Thus, it is a game of whether a person will become successful in holding onto the bull without any external support, or whether the bull will be successful in getting rid of him. These stud bulls are raised and trained to participate in these sports. One can easily compare the sport with sports like horse racing for example.
More importantly, Jallikattu does not involve any use of sticks, ropes, or other tools that would cause real harm to the bulls. The Tamil Nadu Regulation of Jallikattu Act, 2009 has stipulated very strict guidelines that ensure that bulls are not exploited. Apart from creating an elaborate procedure with checks and balances for granting permission to Jallikattu event, various other measures include: providing double barricades and fixing up of the gallery for the spectators; holding proper examination of the bulls before the sport, by Government experts, to ensure that the bulls are free from diseases and that no drugs have been administered to them; arrange for proper police protection, and medical and veterinary services at the event.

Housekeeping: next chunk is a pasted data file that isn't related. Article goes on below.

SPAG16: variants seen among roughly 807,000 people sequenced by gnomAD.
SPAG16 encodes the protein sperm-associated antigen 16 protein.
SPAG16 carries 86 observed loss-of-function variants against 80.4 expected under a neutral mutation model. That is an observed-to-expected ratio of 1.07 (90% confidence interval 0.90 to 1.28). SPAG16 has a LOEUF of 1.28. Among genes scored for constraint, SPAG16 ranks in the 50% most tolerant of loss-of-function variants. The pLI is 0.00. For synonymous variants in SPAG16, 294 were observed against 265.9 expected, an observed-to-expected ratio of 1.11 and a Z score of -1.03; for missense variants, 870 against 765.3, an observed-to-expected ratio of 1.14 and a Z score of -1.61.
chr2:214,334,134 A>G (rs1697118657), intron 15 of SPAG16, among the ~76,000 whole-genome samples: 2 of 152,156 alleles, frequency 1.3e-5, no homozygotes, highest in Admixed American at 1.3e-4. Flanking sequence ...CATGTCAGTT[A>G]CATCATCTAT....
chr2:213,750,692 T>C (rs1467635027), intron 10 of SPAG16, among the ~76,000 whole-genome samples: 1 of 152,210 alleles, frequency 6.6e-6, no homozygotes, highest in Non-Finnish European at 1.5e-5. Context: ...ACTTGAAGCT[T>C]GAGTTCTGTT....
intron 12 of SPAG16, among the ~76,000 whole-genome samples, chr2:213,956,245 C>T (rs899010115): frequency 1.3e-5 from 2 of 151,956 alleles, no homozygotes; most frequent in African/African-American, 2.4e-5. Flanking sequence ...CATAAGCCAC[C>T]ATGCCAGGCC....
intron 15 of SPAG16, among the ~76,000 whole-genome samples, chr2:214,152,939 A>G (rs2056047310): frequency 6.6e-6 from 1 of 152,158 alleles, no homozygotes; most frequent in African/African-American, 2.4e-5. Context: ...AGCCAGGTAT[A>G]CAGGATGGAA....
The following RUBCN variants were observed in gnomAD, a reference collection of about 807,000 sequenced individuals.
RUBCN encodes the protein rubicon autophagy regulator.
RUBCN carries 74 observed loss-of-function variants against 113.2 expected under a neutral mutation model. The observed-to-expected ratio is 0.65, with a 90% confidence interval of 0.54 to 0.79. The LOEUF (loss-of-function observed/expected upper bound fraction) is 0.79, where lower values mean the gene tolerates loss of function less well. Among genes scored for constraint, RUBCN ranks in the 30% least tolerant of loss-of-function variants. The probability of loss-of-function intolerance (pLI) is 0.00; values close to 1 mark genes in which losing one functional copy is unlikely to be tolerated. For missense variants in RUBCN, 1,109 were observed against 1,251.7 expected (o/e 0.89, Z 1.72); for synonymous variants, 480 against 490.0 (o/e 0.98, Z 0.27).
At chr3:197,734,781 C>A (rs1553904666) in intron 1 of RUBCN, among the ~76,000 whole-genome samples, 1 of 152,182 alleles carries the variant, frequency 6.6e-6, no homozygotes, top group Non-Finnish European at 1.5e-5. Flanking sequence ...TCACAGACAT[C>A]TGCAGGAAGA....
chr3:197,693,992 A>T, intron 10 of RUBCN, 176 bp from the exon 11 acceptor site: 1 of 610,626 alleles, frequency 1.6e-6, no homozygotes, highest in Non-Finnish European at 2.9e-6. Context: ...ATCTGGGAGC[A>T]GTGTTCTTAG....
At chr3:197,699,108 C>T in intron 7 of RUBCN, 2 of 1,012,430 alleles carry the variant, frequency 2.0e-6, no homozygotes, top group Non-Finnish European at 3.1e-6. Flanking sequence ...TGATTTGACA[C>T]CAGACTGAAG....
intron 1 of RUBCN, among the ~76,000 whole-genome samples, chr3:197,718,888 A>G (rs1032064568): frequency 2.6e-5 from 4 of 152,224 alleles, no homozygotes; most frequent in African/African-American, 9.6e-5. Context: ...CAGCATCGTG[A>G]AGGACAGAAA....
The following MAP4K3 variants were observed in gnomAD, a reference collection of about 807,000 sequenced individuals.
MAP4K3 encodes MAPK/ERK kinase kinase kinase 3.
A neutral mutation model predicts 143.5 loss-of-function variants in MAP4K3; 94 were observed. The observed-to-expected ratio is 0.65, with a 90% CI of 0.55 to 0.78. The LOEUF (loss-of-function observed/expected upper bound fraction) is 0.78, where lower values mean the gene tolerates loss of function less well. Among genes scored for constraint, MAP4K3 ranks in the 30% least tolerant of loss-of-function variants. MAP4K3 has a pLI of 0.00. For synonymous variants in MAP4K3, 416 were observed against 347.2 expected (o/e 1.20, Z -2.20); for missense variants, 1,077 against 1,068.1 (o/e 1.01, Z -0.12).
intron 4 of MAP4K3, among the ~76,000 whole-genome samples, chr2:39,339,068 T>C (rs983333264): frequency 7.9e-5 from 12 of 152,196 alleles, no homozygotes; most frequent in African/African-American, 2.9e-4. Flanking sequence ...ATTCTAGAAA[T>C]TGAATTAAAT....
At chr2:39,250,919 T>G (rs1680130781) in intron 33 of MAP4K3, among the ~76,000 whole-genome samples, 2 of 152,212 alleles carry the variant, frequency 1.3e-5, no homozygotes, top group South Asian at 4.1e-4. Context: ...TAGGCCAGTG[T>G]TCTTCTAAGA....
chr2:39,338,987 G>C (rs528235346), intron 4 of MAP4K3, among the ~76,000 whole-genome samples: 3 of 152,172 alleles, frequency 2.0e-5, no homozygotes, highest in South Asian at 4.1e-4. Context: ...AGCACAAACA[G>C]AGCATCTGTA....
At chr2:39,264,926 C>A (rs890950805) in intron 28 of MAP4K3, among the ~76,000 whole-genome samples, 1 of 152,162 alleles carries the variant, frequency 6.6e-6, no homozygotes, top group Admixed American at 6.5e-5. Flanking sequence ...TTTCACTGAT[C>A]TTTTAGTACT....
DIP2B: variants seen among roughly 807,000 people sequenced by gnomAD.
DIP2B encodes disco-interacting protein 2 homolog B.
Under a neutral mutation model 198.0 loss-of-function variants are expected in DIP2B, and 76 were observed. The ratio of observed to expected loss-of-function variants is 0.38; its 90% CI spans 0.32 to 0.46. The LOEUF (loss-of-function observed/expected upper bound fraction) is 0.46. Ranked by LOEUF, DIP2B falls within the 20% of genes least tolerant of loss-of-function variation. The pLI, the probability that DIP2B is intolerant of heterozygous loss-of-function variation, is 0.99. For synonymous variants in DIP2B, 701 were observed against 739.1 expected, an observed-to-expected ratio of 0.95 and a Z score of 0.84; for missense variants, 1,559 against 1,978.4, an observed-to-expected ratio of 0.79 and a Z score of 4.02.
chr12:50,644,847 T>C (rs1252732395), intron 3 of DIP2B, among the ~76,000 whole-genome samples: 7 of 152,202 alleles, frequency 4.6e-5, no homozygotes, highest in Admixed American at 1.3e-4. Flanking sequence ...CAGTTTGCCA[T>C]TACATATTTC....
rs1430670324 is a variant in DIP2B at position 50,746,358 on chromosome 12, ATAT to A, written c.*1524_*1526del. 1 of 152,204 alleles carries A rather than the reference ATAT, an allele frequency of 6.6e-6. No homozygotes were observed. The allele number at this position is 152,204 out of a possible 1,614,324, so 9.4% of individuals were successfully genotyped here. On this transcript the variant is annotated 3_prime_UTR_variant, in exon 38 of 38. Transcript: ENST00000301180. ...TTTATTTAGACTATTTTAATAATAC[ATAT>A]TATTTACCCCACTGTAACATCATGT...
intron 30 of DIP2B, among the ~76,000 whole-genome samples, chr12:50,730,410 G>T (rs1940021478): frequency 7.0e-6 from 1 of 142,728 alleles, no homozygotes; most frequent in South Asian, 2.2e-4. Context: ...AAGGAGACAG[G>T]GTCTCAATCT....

Therefore, the sport of Jallikattu as such cannot be construed as cruelty against animals. The format of the game has been designed such that there is no cruelty towards the bulls. This is not to suggest that there are absolutely zero injuries in this sport. Some incidents of injuries are bound to happen, but such minor incidents are present in almost all sports including cricket. But, such occasional cases of injuries cannot be construed as acts of cruelty towards Bulls or the participants.
The violent game of Spanish Bullfighting
On the other hand, the notorious Spanish Bullfighting is by its very nature very violent and cruel towards the Bulls. Here there is no competition between human participants and the bull regarding who will win the race. Instead, the bull is goaded into attacking the participants, so that they can strike it and finally kill it. By the end of the sport, the bull is almost always killed.